Article on whether we have an epidemic of school suspensions or not. Take a read and comment, please.
When I taught in DCPS there were a lot of kids who acted out. Fights happened, and so on. As the years went by, teachers got less and less support from administrators in case of incidents, to the point that if there was an incident, it seemed like it was the kid and the parent and the administrator breathing the teacher, pretty much always.
I also remember reading an expose some years ago in either WaPo or the Washington City Paper that showed that the suspension rates in DCPS were about one-tenth (iirc) of what they were in the surrounding suburbs , at the time, about 10-20 years ago. The authors said they found that very curious because they doubted that DCPS kids were 10 times better-behaved than suburban public school kids.
More recently, studies have shown that it’s certain DC charter schools that have suspension rates 10 times the rate of regular DC public schools. A teacher at one of those schools told me that after the news got out, their administrators then felt under pressure to reduce suspension rates, so now there are a lot of kids at this well-respected charter school who simply walk the halls instead of going to class.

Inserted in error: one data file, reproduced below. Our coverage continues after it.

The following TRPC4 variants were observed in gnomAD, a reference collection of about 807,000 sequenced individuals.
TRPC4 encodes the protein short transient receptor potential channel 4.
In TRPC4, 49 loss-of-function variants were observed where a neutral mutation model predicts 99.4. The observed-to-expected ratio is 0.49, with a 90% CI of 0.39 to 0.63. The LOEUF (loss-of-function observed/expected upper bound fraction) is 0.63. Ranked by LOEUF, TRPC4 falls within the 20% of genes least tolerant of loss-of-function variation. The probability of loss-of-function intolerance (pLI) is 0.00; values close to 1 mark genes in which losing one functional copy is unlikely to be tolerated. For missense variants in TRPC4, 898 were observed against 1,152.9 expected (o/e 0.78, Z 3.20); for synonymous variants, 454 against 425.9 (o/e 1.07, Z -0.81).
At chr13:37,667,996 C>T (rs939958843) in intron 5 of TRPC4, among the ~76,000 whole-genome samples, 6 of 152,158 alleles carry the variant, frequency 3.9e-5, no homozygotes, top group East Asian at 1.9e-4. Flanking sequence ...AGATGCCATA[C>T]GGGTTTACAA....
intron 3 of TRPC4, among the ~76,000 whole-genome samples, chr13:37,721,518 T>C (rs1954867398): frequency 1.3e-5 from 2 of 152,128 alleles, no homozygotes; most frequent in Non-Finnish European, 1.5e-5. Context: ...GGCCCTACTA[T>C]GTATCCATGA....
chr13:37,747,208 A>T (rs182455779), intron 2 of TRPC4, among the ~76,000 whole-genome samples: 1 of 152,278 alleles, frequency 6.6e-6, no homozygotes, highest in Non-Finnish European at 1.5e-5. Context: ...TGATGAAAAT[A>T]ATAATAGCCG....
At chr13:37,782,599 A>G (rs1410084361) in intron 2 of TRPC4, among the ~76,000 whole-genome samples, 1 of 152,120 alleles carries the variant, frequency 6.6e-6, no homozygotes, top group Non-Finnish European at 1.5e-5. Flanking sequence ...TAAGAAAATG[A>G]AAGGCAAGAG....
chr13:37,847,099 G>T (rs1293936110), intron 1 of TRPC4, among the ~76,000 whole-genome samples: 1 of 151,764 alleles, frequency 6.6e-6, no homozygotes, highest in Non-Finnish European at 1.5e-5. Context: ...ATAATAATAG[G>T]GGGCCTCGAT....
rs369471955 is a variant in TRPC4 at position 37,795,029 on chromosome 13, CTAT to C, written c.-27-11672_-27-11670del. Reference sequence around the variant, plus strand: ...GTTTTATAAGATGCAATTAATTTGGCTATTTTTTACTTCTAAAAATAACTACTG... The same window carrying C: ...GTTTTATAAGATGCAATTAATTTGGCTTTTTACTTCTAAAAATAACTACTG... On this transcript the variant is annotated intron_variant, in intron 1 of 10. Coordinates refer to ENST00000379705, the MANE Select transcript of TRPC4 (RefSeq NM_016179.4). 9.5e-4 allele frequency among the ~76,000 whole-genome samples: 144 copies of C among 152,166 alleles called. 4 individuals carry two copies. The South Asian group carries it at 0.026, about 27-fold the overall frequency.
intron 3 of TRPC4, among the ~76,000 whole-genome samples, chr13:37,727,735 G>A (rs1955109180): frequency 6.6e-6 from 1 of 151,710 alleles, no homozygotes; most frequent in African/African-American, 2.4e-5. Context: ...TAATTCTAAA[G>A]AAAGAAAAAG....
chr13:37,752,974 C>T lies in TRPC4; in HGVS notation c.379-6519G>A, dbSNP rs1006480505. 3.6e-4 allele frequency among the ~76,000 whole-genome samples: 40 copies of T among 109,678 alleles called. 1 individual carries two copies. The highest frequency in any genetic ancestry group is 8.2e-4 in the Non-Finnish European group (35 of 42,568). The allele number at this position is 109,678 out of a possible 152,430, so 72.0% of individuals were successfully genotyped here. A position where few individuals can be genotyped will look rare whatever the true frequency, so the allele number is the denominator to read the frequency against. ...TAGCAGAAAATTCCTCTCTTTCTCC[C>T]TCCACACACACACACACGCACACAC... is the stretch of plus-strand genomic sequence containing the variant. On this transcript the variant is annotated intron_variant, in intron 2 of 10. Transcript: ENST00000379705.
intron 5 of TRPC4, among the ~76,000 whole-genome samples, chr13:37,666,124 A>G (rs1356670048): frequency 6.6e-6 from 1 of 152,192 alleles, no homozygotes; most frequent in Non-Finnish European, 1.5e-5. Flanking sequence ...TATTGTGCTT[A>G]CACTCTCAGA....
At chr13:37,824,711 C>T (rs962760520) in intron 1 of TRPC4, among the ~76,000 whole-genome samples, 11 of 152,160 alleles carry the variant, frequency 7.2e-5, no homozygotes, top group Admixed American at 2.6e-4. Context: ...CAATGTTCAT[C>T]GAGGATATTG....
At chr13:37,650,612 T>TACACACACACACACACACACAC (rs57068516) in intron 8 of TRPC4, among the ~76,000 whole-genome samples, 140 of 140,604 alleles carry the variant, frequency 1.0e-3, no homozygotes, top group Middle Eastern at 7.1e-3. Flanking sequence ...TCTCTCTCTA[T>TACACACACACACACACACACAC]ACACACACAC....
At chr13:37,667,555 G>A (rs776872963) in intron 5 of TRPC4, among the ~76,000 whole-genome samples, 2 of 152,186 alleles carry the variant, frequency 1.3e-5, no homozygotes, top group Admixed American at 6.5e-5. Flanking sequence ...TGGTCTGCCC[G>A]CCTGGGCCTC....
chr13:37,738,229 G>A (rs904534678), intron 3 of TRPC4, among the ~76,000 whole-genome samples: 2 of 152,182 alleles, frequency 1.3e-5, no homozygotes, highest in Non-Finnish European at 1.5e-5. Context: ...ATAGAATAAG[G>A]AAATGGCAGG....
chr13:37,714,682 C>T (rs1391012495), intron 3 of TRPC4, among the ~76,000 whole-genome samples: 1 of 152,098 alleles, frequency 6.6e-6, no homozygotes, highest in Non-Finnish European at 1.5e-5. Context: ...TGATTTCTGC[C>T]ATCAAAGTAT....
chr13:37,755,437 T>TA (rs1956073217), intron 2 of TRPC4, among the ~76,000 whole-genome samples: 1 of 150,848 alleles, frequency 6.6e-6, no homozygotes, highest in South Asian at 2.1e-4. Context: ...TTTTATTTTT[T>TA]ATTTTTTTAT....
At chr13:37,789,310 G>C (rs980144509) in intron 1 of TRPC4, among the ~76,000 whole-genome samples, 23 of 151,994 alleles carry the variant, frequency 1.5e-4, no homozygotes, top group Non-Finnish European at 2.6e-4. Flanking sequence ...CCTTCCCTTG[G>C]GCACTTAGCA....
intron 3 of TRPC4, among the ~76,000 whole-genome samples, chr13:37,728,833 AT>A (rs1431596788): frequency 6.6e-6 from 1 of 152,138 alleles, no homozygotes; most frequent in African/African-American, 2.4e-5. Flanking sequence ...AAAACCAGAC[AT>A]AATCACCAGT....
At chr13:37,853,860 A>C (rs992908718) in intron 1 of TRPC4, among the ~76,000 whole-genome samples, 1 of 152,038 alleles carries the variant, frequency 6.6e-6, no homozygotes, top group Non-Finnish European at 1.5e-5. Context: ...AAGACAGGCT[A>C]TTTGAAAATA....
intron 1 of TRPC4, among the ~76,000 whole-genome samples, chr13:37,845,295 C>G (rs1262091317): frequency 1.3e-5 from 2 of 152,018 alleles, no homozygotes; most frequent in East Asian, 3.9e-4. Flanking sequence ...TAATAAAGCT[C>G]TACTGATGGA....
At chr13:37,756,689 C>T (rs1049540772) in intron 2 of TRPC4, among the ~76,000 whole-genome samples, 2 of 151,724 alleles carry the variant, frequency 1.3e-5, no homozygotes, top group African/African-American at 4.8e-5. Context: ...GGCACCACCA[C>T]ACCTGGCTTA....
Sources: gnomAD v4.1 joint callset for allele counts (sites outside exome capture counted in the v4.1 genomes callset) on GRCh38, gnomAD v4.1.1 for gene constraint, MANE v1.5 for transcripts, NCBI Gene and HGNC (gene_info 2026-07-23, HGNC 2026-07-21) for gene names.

All of this indicates to me that there is a conscious policy to this day (well after I retired) to NOT hold DCPS kids responsible for bad behavior (or for not studying or for skipping school etc). Nor is there a policy to get kids professional help for those who exhibit serious emotional problems. Or are sick, can’t see properly, are hungry or homeless, or are illiterate but yet enrolled in high school.
With such disparities in disciplinary (etc) policy, it’s as if the regular public schools are becoming not unlike mental asylums turned over to the loudest of the patients. Unless one is at a magnet school.
Suspension is not “the” answer, but teachers need help in managing their classes. If a student is acting out (as I recall doing in 4th and 5th grade because I couldn’t understanwhat was going on in class — I was essentially an immigrant in a French school knowing very little French) the teacher needs the authority to remove the kid (me) from the class and some other adult needs to figure out what to do. In my case, I needed intensive additional French classes at lunchtime and over the summer. It helped a lot.
Right now, in many many schools if a kid is misbehaving and disruptive and is sent out of class by a teacher because the teacher cannot cope with the situation, then an administrator will send the kid right back and admonish the teacher, not the student. Any follow up with parents or anybody else is strictly up to the teacher..,,